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Skywarden,
Ursa Astronomical Association
Kopernikuksentie 1
00130 Helsinki
taivaanvahti(at)ursa.fi

Ursa Astronomical Association

Quiet aurora arc - 7.10.2018 at 21.31 Kyyjärvi Observation number 78432

Visibility II / V


I just made it to the spot of observation when it started to happen! It was going quite a bit and the camera was exposing! The lights were green in the front, a little purple in the rays. Then I noticed the SAR arc and a small reposläkä while shooting to the south! That was the most interesting observation of the evening/night.

I added the picture with the dune effect in the lower left corner! #sarg



More similar observations
Additional information
  • Aurora brightness
    • Dim auroras
  • Observed aurora forms
    • Band info

      Bands are usually narrower, more twisty at the bottom, brighter, and more active than arches. Bands usually develop from arches.

      Bands can form J and U shapes, sometimes even full spirals. The corona can also arise from bands. Bands are a fairly common form of aurora.

      Aurora band. Photo by Merja Ruotsalainen.

      Aurora band. Photo by Matias Takala.

      Aurora band. Photo by Lea Rahtu-Korpela.

      Aurora bands. Photo by Lauri Koivuluoma.

      Aurora band. Photo by Matias Takala.

    • Dunes info

      Dunes

      The dunes are a dim and very rare shape that has so far been associated with the aurora visible in early evening.

      Aurora dunes can be most easily confused to ribbons on lower clouds. In order to fill in the description of the phenomenon, a striped pattern formed by parallel lines must also appear in the aurora. The stripes are most easily recognizable right at the front edge of the aurora but they may also occur among the rest of the aurora.

      The dune auroras are visible as a parallel striped float. Photo by Tapio Terenius

      Raidallisen dyynilautan reunassa voi toisinaan olla voimakastakin aaltoilua.

      There can sometimes be strong ripples at the edge of a striped dune float. The rippling of the edge of the dune float can vary from minor to large (pictured). Photo by Pirjo Koski

    • Red Arc with Green Diffuse Aurora (RAGDA) info

      Red Arc with Green Diffuse Aurora (RAGDA), is a two-component form of northern lights that occurs south of the oval.

      Both parts of the aurora are formed when positive particles from the magnetosphere hit the Earth's upper atmosphere. The phenomenon occurs before magnetic midnight during large aurora substorms and is best distinguished when it deteches southward from the bright rays of the substorm aurora.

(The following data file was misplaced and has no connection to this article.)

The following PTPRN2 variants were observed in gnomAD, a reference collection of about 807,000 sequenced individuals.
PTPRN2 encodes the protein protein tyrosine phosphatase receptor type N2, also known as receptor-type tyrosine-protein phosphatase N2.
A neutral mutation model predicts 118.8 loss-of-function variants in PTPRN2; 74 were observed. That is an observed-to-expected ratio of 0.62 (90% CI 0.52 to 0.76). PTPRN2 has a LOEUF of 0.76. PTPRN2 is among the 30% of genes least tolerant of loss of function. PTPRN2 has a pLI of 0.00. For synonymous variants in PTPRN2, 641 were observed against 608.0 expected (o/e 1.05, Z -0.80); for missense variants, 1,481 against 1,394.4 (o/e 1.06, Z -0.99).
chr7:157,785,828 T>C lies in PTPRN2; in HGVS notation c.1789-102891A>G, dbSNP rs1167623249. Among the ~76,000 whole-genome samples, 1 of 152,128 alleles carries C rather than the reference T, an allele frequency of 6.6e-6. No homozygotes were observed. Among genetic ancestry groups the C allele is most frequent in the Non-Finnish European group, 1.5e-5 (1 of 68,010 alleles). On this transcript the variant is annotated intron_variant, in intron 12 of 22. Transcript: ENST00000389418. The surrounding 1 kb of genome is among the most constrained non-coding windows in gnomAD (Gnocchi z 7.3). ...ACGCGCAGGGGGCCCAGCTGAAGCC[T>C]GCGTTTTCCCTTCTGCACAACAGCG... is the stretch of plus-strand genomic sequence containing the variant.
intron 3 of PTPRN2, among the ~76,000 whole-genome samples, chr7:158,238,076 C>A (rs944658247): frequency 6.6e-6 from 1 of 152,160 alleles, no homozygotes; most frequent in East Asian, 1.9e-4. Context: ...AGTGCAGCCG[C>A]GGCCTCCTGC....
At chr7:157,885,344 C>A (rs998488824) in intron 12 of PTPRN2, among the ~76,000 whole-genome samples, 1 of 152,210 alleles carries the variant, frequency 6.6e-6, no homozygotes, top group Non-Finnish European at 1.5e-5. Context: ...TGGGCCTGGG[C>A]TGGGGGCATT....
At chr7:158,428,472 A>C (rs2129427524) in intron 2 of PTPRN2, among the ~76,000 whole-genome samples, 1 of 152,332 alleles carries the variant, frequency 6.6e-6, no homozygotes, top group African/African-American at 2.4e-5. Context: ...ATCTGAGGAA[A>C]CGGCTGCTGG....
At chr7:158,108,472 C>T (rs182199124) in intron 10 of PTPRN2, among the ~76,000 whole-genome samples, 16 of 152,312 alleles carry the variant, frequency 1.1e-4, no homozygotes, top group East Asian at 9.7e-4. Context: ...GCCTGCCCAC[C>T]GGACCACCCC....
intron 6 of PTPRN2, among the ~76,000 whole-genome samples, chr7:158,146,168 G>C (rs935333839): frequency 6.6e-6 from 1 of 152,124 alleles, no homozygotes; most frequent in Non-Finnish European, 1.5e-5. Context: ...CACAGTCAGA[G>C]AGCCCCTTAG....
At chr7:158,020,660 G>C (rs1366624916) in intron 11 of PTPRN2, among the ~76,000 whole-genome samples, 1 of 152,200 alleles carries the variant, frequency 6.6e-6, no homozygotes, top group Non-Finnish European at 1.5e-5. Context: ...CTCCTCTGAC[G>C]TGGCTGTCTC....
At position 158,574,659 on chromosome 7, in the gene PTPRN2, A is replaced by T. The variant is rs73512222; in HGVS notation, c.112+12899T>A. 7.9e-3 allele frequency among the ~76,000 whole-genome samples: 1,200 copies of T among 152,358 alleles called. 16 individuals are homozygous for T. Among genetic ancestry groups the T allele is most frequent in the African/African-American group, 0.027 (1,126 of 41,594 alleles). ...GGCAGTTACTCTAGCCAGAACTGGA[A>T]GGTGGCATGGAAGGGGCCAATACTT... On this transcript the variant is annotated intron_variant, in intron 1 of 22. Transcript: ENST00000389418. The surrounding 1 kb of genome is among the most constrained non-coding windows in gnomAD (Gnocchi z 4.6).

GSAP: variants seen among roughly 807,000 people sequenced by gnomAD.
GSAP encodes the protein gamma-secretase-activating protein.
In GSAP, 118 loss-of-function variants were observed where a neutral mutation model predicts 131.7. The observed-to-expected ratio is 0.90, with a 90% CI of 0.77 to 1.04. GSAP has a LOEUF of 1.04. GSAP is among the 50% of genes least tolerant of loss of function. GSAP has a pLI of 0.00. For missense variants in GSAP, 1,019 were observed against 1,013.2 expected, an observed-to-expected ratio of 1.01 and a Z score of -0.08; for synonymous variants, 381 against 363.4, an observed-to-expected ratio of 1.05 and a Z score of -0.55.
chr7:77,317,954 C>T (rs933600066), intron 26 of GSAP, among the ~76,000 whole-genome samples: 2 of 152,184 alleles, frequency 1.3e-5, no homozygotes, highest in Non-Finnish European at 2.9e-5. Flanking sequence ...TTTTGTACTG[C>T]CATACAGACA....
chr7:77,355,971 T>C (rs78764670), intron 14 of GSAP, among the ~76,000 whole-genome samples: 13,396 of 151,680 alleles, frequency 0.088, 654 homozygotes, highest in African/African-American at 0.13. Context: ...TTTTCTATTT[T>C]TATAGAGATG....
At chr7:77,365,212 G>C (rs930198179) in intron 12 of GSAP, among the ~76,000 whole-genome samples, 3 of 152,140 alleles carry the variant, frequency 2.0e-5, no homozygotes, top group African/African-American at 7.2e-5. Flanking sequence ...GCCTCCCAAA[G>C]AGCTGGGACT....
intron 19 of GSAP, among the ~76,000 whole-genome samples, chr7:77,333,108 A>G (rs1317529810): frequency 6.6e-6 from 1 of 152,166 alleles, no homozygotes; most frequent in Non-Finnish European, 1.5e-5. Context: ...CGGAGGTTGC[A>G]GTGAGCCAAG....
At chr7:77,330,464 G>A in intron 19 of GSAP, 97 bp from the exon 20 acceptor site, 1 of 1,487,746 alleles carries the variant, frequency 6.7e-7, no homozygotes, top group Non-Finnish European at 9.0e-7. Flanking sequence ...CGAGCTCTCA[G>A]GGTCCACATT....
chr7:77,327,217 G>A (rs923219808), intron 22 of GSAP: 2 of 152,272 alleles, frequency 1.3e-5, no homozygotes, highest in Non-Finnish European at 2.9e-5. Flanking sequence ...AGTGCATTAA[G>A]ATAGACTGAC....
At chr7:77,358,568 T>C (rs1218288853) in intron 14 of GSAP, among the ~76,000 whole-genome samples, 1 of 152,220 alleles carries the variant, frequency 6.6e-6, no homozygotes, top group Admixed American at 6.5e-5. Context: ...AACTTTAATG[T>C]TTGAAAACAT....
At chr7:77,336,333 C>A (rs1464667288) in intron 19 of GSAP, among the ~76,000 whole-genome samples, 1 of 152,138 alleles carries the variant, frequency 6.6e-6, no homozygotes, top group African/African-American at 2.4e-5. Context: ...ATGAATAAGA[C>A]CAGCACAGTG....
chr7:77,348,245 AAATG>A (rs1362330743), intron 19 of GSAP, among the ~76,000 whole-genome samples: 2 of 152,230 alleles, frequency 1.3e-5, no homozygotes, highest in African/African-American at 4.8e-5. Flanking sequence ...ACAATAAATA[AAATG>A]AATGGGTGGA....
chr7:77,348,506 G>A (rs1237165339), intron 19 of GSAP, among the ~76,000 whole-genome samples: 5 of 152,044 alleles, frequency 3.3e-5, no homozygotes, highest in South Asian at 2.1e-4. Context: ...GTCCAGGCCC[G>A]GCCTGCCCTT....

The phenomenon consists of a faint red arc, which looks a lot like a Stable Auroral Red (SAR)-arc. The common factor for these two red arcs is the reaction of the ring current with the substorm.

      Antero Ohranen, RAGDA
      A Red Arc with Green Diffuse Aurora
      Photo: Antero Ohranen

       

      Below the red arc are green diffuse patches or sausage-like shapes. RAGDA's green aurora is essentially featureless and without any rays. It may appear slightly more bluish in camera images compared to the green aurora of the oval.

      Lasse Nurminen, RAGDA
      RAGDA's green has slightly more bluish shade than the rest of the oval.
      Photo: Lasse Nurminen

       

      Sometimes the red arc and the green patches are clearly separated from the aurora oval and sometimes almost in contact with the southward edge of the oval.

      During an active substorm, the green northern lights can sometimes be seen with red tops. These usually have rays that RAGDA's green aurora lacks.

      An emissionless gap without any aurora light can be observed between the red arc and green diffuse aurora. The two features don't seem to be connected. Of the two aligned structures, the red one is located ~ 100 kilometers higher than the green aurora.

      Markku Ruonala, RAGDA
      There seems to be an empty area without any aurora light between the red and green aurora.
      Photo: Markku Ruonala

       

      The event is dynamic. It sometimes starts with green blobs, then a red arc appears. These two can also appear in the sky at the same time. The shapes move often from east to west. Then the Red Arc with Green Diffuse Aurora fades away and only the red arc remains visible in the sky. The red arc is recognized as the SAR arc.

      Observing this phenomenon is easier when the night sky is clear and dark before magnetic midnight. When looking for the red arc with green diffuse aurora, the best results can be achieved by pointing the camera towards south or southwest of the brightest part of the oval.

      A wide-angle lens is recommended for photographing the shape of the red arc going over the sky, but a regular lens can also be used. The red arc is quite dim, so the exposure times needed are typically longer than the ones for northern lights.

      Pirjo Koski, RAGDA
      Two RAGDA-arcs
      Photo: Pirjo Koski

       

      If the red arc cannot be distinguished in the images, the phenomenon identification 'Diffuse green auroras' should be used for isolated hazy green blobs/arc.

      Matias Takala, RAGDA
      Dunes in RAGDA's green aurora
      Photo: Matias Takala

       

Comments: 2 pcs
Kari Rytilahti - 14.10.2018 at 17.15 Report this

Komea kuva SAR-kaaresta ja linnunradasta !

Antero Ohranen - 14.10.2018 at 19.58 Report this

Kiitos, Kari!

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